With Hispanic Heritage Month occurring until Oct. 15, this felt like a good time to glance at the state of Hispanic businesses in the Wenatchee Valley.
Speaking to members of our business community, both white and Hispanic one comes away with reasons for optimism, but also reasons for concern.
Jessi Mendoza, business banking relationship officer at Numerica Credit Union said Hispanic businesses in the Valley have some challenges, but overall, they are growing strong.
Challenges go from finding and retaining skilled employees to dealing with what has come to be known as “Latino Time.”
“It’s a reality but only to a certain extent,” Mendoza said of the perceived disregard for punctuality among Latino employees. A bigger problem is finding dependable employees who show up day in and day out. Sometimes other things take precedence and that affects their reputation in the eyes of employers, Mendoza said.
Asked how to solve that challenge, Mendoza said it was a tough problem without a one-size-fits-all solution.
Hispanic business owners also have their own challenges, particularly at the start. Stacy Luckensmeyer, business and industry liaison for Wenatchee Valley College, said one of the biggest hurdles nowadays to start a business for Hispanic entrepreneurs is that a lot of the required paperwork, license applications, and documents at banks and government agencies is available only in English.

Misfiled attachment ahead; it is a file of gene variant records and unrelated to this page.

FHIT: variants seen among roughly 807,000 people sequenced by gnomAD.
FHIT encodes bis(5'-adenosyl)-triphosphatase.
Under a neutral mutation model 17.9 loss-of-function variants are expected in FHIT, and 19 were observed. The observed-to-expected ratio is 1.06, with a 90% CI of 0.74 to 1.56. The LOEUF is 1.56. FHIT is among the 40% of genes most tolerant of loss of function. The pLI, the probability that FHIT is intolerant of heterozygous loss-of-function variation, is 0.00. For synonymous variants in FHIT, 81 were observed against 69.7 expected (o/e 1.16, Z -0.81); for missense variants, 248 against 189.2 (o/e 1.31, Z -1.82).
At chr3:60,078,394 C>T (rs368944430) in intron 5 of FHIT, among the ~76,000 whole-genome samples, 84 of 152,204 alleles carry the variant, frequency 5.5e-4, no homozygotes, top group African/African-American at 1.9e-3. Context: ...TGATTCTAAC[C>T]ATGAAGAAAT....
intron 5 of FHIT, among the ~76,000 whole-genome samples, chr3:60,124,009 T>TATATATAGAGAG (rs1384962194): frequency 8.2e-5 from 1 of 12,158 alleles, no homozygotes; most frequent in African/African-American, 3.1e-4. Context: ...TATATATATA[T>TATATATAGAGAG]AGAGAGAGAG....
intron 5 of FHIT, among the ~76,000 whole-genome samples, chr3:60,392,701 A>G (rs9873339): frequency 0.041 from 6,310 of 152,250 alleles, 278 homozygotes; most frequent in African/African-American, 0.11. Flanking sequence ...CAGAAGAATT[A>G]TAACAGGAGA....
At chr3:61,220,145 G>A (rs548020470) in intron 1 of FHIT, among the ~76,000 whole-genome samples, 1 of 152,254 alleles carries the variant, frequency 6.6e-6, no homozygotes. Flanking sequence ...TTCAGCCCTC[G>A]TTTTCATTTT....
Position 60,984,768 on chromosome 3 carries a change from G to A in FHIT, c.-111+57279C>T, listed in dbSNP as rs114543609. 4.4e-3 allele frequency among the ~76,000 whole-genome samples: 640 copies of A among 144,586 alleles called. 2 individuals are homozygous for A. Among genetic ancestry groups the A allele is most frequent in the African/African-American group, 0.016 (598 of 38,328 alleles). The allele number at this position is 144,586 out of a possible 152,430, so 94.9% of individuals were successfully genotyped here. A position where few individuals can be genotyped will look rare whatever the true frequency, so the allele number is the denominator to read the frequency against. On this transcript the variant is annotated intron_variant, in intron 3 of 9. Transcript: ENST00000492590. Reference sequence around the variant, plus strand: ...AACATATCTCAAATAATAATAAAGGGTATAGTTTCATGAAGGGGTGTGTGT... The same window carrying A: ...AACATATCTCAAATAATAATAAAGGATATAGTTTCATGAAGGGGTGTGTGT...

Mendoza agreed, saying, “When they don’t understand the clauses and ramifications of their options on what they can or cannot do, the language barrier plays a huge role,” he said.
At the same time, reasons to be optimistic exist, as well. Luckensmeyer, who oversees the center for entrepreneurship at WVC, said that the language barrier will grow smaller as more second- and third- generation Hispanic entrepreneurs, who are English-literate enter the workforce.
“In general, our Hispanic community is extremely entrepreneurial,” Luckensmeyer said. “There’s a lot of see-a-need-fill-a-need.”
Mendoza also predicted a stronger foothold for Hispanics in the business world in the Valley, moving beyond the food-services industry and into areas like construction, which then might lead to a trickle-down effect for entrepreneurs to break into other areas.
“I’m very optimistic that we will have a thriving business community in the next three to five years,” Mendoza said. “I am very excited to see what it looks like.”
Luckensmeyer agreed. “I’m thoroughly impressed with the entrepreneurial spirit in our Hispanic community. It’s inspiring.”